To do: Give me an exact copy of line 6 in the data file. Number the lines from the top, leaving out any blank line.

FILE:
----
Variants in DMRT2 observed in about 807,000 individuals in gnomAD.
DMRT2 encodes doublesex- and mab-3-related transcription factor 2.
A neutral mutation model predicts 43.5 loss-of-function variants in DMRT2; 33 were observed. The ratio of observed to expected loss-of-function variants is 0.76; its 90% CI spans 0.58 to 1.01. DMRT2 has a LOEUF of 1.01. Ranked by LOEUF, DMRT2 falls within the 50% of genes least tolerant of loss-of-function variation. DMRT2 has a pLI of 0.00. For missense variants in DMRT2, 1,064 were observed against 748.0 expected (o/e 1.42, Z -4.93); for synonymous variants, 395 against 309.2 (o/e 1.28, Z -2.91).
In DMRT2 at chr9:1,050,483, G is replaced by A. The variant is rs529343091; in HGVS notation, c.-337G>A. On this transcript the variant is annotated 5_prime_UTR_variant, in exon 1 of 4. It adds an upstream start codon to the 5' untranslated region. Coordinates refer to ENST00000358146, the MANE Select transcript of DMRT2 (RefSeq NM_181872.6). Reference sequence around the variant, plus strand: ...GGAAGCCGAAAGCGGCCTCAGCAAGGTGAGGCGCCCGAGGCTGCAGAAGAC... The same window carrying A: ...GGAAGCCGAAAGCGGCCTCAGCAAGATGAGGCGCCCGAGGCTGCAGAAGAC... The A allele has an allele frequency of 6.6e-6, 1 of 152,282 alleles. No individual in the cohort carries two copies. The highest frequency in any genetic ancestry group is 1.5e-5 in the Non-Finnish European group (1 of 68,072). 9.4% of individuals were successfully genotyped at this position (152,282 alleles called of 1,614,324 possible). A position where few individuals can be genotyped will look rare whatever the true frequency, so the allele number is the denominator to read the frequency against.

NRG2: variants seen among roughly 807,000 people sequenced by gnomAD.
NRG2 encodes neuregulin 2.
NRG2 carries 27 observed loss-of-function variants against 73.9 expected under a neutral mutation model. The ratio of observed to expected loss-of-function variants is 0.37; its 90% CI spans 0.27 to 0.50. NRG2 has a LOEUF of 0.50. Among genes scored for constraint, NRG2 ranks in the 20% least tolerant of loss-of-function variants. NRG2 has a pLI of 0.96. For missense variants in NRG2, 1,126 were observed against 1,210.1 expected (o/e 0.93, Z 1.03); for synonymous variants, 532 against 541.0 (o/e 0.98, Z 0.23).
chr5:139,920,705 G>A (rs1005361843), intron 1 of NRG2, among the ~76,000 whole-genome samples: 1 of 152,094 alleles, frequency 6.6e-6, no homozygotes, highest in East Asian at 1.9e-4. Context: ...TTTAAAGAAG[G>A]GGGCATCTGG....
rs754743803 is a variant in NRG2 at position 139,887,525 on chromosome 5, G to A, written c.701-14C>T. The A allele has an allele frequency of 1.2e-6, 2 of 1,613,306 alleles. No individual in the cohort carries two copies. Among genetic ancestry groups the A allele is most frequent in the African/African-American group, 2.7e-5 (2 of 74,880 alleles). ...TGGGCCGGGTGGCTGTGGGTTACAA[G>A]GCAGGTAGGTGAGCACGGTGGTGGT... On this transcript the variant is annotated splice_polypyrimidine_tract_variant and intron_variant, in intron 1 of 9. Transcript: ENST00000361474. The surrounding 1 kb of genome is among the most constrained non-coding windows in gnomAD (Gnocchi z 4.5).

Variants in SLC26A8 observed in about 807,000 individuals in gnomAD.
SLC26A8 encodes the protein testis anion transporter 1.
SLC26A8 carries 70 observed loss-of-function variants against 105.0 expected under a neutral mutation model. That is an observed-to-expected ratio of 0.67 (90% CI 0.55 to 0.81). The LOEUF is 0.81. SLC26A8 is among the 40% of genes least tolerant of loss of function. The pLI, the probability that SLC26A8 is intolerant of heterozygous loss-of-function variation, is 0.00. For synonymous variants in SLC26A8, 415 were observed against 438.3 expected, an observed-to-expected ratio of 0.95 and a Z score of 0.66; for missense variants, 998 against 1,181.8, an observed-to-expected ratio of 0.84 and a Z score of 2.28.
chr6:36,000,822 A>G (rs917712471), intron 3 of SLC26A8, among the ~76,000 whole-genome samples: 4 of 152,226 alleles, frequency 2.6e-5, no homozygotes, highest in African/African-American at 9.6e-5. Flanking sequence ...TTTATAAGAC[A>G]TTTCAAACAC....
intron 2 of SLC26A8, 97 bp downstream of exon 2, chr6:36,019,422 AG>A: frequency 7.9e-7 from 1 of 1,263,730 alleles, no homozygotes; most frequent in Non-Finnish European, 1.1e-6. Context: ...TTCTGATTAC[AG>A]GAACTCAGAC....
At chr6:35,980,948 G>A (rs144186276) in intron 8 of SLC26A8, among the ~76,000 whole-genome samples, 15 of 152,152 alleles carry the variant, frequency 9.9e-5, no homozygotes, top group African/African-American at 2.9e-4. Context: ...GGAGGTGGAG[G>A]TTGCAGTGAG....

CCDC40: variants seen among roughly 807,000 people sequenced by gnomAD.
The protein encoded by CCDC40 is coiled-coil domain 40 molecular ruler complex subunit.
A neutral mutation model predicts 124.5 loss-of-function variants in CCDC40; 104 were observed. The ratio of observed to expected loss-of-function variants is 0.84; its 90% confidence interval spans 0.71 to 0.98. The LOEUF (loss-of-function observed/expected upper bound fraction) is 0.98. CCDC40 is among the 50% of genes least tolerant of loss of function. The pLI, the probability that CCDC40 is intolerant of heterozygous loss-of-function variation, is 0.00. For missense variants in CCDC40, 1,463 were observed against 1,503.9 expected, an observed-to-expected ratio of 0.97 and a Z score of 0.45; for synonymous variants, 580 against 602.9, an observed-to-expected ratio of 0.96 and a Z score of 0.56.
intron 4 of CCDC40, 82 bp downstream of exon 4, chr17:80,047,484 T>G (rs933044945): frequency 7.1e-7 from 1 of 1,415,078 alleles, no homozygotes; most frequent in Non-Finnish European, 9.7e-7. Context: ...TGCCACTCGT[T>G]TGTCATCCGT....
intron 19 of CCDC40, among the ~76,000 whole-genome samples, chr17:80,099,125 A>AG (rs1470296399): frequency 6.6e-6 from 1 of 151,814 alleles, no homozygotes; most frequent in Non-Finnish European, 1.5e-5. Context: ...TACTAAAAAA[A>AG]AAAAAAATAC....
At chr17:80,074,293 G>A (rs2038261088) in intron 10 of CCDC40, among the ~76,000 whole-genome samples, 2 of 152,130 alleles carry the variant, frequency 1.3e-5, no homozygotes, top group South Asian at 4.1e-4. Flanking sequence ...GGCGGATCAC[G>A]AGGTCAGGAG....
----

NRG2 encodes neuregulin 2.